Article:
Tuesday, April 11, 2006

Zavala: trial court's treatment of guidelines as the presumptive sentence constitutes reversible error

Juan Antonio Zavala faced a post-Booker meth sentencing in which the Guideline range was life imprison without parole. The sentencing judge assumed that, after Booker, the Guideline range becomes the presumptive sentence, so the question became whether § 3553(a) factors warranted a lower sentence. The Ninth Circuit, in an opinion by Judges Paez and Tashima (linked here), held that the implementation of a mandatory, rebuttable presumption at sentencing violated the sentencing statutes.

From the outset, the court made clear that it was not deciding the question (blogged here) whether a presumption of reasonableness applies to within-the-Guidelines sentences on appellate review for reasonableness. "We have not opined on that question, and will not do so now." The court then adopted Cantrell and Menyweather's setting of the Guidelines as a "starting point." The opinion analyzed the types of presumptions that guide judicial decision-making and found that a mandatory rebuttable presumption comes too close to the "unpruned sentencing statute" Booker found unconstitutional. Because a presumption at the district court would give undue weight to the Guidelines, "[t]he dangers averted by declaring them to be advisory would become recrudescent."

The court held that, in order to protect against reinstatement of the pre-Booker regime, the Gudielines must be considered but not accorded undue weight:

"In short, Booker has resuscitated the much-lamented discretion that the sentencing statute seemed to take away from district courts, and has at least partially restored that halcyon condition that district judges have longed for these many years. District courts neither should, nor can, ignore that by placing undue weight on the Guideline portion of the sentencing chemistry. They must properly use the Guideline calulation as advisory and start there, but they must not accord it greater weight than they accord the other § 3553(a) factors. Rather, they must consider all of the information before them, as they used to do, and then reach for the correct sentence under all the circumstances. For our part, we will then review the ultimate result for reasonableness."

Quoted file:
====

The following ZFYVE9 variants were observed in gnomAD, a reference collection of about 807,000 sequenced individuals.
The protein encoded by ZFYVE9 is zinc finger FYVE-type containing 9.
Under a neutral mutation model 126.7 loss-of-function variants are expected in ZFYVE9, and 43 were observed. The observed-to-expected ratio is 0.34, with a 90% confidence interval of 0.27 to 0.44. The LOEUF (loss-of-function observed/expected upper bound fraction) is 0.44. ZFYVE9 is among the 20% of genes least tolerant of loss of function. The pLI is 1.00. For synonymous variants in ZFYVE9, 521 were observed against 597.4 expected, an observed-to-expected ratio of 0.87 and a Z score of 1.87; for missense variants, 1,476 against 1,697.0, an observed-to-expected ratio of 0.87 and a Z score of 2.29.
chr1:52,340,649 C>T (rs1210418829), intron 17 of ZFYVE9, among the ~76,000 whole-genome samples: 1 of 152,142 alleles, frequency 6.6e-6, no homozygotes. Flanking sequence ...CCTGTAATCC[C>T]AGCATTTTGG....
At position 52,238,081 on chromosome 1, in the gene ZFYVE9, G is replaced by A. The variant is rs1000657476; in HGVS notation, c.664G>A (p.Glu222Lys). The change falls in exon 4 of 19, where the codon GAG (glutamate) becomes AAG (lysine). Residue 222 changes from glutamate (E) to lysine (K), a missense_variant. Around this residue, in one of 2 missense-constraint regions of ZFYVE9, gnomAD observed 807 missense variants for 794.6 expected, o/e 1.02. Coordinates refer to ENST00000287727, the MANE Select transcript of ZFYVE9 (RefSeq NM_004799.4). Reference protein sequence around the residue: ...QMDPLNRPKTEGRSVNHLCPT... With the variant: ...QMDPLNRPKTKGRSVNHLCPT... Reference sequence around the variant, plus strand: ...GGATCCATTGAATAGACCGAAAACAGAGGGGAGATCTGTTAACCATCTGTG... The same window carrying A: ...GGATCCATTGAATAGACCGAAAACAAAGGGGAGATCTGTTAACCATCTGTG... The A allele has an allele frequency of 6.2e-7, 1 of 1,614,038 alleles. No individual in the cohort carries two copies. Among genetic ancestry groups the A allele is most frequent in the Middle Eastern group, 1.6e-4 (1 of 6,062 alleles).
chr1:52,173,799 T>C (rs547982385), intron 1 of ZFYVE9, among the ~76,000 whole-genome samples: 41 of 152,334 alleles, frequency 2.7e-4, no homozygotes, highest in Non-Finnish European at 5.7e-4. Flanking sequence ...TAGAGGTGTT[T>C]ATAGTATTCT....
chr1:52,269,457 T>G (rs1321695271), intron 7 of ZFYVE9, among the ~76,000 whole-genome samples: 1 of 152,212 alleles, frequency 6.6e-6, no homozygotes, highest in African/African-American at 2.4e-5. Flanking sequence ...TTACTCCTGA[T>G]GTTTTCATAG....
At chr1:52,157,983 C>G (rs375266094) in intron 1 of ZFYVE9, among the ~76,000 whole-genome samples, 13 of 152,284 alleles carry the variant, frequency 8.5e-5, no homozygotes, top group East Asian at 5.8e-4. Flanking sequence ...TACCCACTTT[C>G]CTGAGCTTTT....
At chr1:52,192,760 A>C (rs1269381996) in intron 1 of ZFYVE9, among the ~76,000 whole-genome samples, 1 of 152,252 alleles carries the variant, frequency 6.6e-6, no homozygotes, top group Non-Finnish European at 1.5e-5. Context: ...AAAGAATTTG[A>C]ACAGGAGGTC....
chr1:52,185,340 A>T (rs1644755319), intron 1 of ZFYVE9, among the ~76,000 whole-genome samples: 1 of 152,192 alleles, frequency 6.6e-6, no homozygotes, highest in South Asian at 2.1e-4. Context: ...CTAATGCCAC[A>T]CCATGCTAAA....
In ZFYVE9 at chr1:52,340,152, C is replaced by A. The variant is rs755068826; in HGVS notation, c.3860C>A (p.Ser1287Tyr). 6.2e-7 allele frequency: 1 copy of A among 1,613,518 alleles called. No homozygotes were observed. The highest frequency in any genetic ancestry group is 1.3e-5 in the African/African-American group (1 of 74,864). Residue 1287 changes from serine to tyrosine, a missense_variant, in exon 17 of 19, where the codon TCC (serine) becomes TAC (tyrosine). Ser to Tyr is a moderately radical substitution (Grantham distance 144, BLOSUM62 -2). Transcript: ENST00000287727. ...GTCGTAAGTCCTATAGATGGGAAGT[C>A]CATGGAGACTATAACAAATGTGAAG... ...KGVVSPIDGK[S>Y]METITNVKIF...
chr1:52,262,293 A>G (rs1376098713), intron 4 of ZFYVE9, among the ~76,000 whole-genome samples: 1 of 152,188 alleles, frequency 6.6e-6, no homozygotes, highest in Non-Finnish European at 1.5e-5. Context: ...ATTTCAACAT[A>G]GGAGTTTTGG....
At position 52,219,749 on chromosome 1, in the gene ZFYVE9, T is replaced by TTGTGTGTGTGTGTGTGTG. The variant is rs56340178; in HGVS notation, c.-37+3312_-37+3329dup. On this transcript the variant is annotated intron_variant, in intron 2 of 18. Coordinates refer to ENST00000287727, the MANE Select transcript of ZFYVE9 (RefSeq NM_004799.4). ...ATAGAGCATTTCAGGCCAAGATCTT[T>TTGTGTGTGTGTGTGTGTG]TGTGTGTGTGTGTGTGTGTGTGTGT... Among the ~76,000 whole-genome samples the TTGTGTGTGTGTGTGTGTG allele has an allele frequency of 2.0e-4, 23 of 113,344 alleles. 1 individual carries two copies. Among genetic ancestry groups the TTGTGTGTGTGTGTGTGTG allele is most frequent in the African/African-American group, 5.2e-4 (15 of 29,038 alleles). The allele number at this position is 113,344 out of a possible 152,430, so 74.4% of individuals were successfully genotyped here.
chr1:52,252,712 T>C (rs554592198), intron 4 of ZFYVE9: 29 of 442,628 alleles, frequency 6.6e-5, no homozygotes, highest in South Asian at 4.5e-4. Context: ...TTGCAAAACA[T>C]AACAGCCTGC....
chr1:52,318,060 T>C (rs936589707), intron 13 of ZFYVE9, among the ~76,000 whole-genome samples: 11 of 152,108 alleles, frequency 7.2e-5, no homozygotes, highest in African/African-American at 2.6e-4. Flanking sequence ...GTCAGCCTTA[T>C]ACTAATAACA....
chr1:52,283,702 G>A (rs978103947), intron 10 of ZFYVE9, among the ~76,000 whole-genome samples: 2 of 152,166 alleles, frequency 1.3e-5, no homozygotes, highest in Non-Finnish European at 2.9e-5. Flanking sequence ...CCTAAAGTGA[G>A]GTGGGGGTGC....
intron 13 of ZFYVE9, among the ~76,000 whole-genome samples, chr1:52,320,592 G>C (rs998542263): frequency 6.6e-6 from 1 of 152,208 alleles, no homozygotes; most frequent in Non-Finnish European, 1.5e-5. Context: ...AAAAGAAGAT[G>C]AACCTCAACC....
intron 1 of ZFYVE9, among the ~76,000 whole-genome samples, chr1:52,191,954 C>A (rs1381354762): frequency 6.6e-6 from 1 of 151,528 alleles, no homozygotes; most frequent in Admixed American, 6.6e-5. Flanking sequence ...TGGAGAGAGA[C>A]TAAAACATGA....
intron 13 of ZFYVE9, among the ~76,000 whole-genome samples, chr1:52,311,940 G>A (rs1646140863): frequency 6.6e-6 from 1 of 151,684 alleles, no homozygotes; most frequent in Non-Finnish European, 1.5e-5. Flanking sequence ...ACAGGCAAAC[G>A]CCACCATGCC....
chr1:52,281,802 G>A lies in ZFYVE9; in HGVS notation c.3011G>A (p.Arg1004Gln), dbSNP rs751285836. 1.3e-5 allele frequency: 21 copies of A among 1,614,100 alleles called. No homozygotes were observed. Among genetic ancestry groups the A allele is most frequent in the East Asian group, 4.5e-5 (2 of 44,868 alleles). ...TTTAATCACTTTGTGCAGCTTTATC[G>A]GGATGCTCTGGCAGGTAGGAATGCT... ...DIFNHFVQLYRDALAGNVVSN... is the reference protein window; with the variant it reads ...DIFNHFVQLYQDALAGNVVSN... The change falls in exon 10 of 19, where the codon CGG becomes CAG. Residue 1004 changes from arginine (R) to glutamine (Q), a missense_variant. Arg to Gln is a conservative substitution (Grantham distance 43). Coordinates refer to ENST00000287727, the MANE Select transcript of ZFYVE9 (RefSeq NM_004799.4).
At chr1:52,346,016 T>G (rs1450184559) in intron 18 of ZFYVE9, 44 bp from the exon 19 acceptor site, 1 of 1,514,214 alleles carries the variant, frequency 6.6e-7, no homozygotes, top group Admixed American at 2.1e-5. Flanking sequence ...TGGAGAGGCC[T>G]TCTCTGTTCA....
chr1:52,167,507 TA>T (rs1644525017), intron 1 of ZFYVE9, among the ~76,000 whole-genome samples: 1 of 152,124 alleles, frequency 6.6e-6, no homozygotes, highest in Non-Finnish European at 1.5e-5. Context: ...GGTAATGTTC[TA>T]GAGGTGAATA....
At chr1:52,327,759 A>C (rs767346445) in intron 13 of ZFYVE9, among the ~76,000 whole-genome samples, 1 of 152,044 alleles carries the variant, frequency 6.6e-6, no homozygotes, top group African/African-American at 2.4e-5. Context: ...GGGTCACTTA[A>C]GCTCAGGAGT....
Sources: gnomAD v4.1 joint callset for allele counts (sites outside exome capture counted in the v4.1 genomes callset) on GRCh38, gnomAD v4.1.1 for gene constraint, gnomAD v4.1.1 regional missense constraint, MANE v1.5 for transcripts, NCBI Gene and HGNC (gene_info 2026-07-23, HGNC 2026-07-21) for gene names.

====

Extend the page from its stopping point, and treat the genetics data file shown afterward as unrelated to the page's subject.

Because the court concluded the district judge treated the Guidelines "perilously close to the mandatory Guidelines regime," the Court reversed the sentence as a preserved error of a nonconstitutional nature. In summing up, the Court stated, "But a Guideline calculation is simply one factor to be considered when selecting the most appropriate sentence for a particular defendant. Nothing in 18 U.S.C. § 3553, as it stands after Booker, indicates that the Guidelines are to be given any greater weight than their fellow sentencing factors."

Judge Fernandez dissented, not because a presumptive sentence was permissible, but because he did not think the district court's language -- which he described as "not entirely felicitous" -- established more than use of the Guidelines as a starting point. He could not say he was in "disagreement with the presumption exgesis in the per curiam opinion"; he simply found it extraneous (whether readers of the opinion might "consider its reasoning eximious or exiguous").

Zavala provides some important considerations at both the trial level and appeal. For district courts too enamored of sentencing by the numbers, we have a strong argument that the judges should be considering mitigating factors for lower sentences with less deference to the Guidelines. And Zavala provides support for looking askance at district courts that de facto reinstate the pre-Booker mandatory Guidelines. On appeal, the reasoning -- although certainly not the holding -- supports a totality of the circumstances review for reasonableness rather than a presumption of reasonableness for within Guidelines sentences.

Steve Sady, Chief Deputy Federal Public Defender, Portland, Oregon


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